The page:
“And another thing,” he said as he stood again before the chief; “I have already dispatched a messenger down river to the station telling them about this affair and my suspicions. I told them that I would be here waiting for them when they came with soldiers. If you are thinking of harming me, Bobolo, be sure that you have a good story ready, for I told them that I was particularly suspicious of you.”
He waited for no reply, but turned again and walked toward the village gate, nor was any hand raised to stay him. He grinned to himself as he passed out of the village, for he had sent no messenger, and no soldiers were coming.
As a gesture of contempt for the threats of Bobolo, The Kid made camp close to the village; but his men were not a little perturbed. Some of the villagers came out with food, and from his almost exhausted stores the white extracted enough cloth to purchase a day’s rations for himself and his men. Among his callers was a girl whom he had known for some time. She was a happy, good-natured creature; and The Kid had found amusement in talking to her. In the past he had given her little presents, which pleased her simple heart, as did the extravagant compliments that The Kid amused himself by paying her.
Bring a girl presents often and tell her that she is the most beautiful girl in the village, and you may be laying the foundation for something unpleasant in the future. You may be joking, but the girl may be in earnest. This one was. That she had fallen in love with The Kid should have worked to his detriment as a punishment for his thoughtlessness, but it did not.
At dusk the girl returned, sneaking stealthily through the shadows. The Kid was startled by her abrupt appearance before his tent, where he sat smoking.
“Hello there, Nsenene!” he exclaimed. “What brings you here?” He was suddenly impressed by the usually grave demeanor of the girl and her evident excitement.
“Hush!” cautioned the girl. “Do not speak my name. They would kill me if they knew I had come here.”
“Much is wrong. Bobolo is going to send men with you tomorrow. He will tell you that they are going to the village of Gato Mgungu with you, but they will not. When they get you out in the river, out of sight of the village, they will kill you and all your men and throw you to the crocodiles. Then when the white men come, they will tell them that they left you at the village of Gato Mgungu; and the white men will go and they will find no village, because it has been burned by the Utengas. There will be no one there to tell them that Bobolo lied.”
“Gato Mgungu’s village burned! What became of the old bwana?”
“I know nothing about him, but he is not at the village of Gato Mgungu, because there is no village there. I think he is dead. I heard it said that the Leopard Men killed him. Bobolo is afraid of the Leopard Men because he stole their white priestess from them.”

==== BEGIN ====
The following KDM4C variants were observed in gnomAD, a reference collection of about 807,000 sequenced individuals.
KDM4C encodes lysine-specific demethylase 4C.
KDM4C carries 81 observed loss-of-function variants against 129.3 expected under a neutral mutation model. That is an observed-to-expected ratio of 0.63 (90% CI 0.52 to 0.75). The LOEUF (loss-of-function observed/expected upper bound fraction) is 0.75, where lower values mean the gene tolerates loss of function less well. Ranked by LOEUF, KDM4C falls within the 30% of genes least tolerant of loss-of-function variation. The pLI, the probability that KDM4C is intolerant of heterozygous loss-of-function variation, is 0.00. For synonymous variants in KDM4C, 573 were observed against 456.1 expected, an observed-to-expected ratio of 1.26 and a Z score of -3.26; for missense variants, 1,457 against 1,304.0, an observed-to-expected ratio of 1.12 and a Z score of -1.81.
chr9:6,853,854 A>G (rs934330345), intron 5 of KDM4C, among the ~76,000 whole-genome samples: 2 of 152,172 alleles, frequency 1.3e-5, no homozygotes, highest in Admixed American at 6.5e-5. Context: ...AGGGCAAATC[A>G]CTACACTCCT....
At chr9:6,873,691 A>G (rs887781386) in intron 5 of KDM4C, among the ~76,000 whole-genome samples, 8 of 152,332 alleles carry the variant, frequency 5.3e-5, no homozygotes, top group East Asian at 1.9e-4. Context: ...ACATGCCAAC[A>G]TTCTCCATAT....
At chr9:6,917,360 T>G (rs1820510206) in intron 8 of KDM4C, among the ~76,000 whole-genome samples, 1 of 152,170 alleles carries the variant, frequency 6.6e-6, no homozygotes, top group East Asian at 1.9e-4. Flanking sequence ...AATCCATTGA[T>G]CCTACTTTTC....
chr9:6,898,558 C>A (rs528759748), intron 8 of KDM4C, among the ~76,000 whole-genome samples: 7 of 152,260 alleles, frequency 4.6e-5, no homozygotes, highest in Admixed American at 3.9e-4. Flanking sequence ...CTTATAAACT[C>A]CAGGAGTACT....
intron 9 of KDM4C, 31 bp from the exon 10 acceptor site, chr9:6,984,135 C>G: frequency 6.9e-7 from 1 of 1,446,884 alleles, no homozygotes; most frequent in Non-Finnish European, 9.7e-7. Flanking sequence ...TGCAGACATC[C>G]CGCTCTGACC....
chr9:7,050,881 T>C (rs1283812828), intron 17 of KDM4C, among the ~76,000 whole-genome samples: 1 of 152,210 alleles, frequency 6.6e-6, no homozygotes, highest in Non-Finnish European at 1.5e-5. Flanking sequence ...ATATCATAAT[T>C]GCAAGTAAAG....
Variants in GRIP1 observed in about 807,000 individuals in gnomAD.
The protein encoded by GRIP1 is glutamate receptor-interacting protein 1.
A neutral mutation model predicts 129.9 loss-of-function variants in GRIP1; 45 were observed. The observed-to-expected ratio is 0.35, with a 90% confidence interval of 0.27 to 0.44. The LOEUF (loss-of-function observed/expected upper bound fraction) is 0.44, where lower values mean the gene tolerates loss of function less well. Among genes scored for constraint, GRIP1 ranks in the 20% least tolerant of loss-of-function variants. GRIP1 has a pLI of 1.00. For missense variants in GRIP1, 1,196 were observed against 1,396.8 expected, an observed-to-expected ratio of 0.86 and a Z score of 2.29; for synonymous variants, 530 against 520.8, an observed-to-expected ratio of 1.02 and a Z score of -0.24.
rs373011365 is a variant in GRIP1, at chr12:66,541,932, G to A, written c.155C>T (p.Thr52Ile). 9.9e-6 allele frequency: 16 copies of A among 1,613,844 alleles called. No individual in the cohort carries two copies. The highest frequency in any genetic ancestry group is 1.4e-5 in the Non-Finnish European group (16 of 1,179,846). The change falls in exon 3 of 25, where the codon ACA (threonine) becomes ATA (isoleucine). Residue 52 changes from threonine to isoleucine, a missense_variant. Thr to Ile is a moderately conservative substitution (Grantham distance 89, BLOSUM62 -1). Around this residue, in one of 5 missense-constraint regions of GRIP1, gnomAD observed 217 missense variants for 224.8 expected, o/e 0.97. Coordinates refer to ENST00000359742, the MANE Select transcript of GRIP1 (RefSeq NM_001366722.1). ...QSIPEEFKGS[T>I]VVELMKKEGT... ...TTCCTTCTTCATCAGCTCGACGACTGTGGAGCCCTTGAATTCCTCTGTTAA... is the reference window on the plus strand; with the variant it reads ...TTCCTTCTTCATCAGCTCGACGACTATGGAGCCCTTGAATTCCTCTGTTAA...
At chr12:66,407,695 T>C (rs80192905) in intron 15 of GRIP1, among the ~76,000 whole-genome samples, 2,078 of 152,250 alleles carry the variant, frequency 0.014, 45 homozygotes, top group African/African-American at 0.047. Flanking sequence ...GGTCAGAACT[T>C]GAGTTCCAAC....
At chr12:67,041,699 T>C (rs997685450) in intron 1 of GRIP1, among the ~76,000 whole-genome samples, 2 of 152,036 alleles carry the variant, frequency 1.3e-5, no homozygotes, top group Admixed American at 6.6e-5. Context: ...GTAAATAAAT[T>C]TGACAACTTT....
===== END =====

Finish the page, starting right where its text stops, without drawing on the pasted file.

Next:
“White priestess! What do you mean?” demanded The Kid.
“They had a white priestess. I saw her here when Bobolo brought her to be his wife, but Ubooga would not have her around and made Bobolo send her away. She was a white woman, very white, with hair the color of the moon.”
“When was this?” demanded the astonished youth.
“Three days ago, maybe four days. I do not remember.”
“Where is she now? I should like to see her.”
“You will never see her,” replied Nsenene; “no one will ever see her.”
“Because they sent her to the village of the little men.”
“You mean the Betetes?”
“Yes, the Betetes. They are eaters of men.”
“Where is their village?” asked The Kid.
“You want to go there and get the white woman?” demanded Nsenene suspiciously.
There was something in the way the girl asked the question that gave The Kid his first intimation that her interest was prompted by more than friendship for him, for there was an unquestionable tinge of jealous suspicion in her tone. He leaned forward with a finger on his lips. “Don’t tell anybody, Nsenene,” he cautioned in a whisper; “but the white woman is my sister. I must go to her rescue. Now tell me where the village is, and next time I come I’ll bring you a fine present.” If he had felt any compunction about lying to the girl, which he did not, he could easily have salved his conscience with the knowledge that he had done it in a good cause; for if there was any truth in the story of the white priestess, captive of the Betetes, then there was but one course of procedure possible for him, the only white man in the district who had knowledge of her predicament. He had thought of saying that the woman was his mother or daughter, but had compromised on sister as appearing more reasonable.
“Your sister!” exclaimed Nsenene. “Yes, now that I remember, she looked like you. Her eyes and her nose were like yours.”
The Kid suppressed a smile. Suggestion and imagination were potent powers. “We do look alike,” he admitted; “but tell me, where is the village?”
As well as she could Nsenene described the location of the village of Rebega. “I will go with you, if you will take me,” she suggested. “I do not wish to stay here any longer. My father is going to sell me to an old man whom I do not like. I will go with you and cook for you. I will cook for you until I die.”
“I cannot take you now,” replied The Kid. “Maybe some other time, but this time there may be fighting.”
“Some other time then,” said the girl. “Now I must go back to the village before they close the gates.”
At the first break of dawn The Kid set out in search of the village of Rebega. He told his men that he had given up the idea of going to the village of Gato Mgungu, but that while they were here he was going to look for ivory on this side of the river. If he had told them the truth, they would not have accompanied him.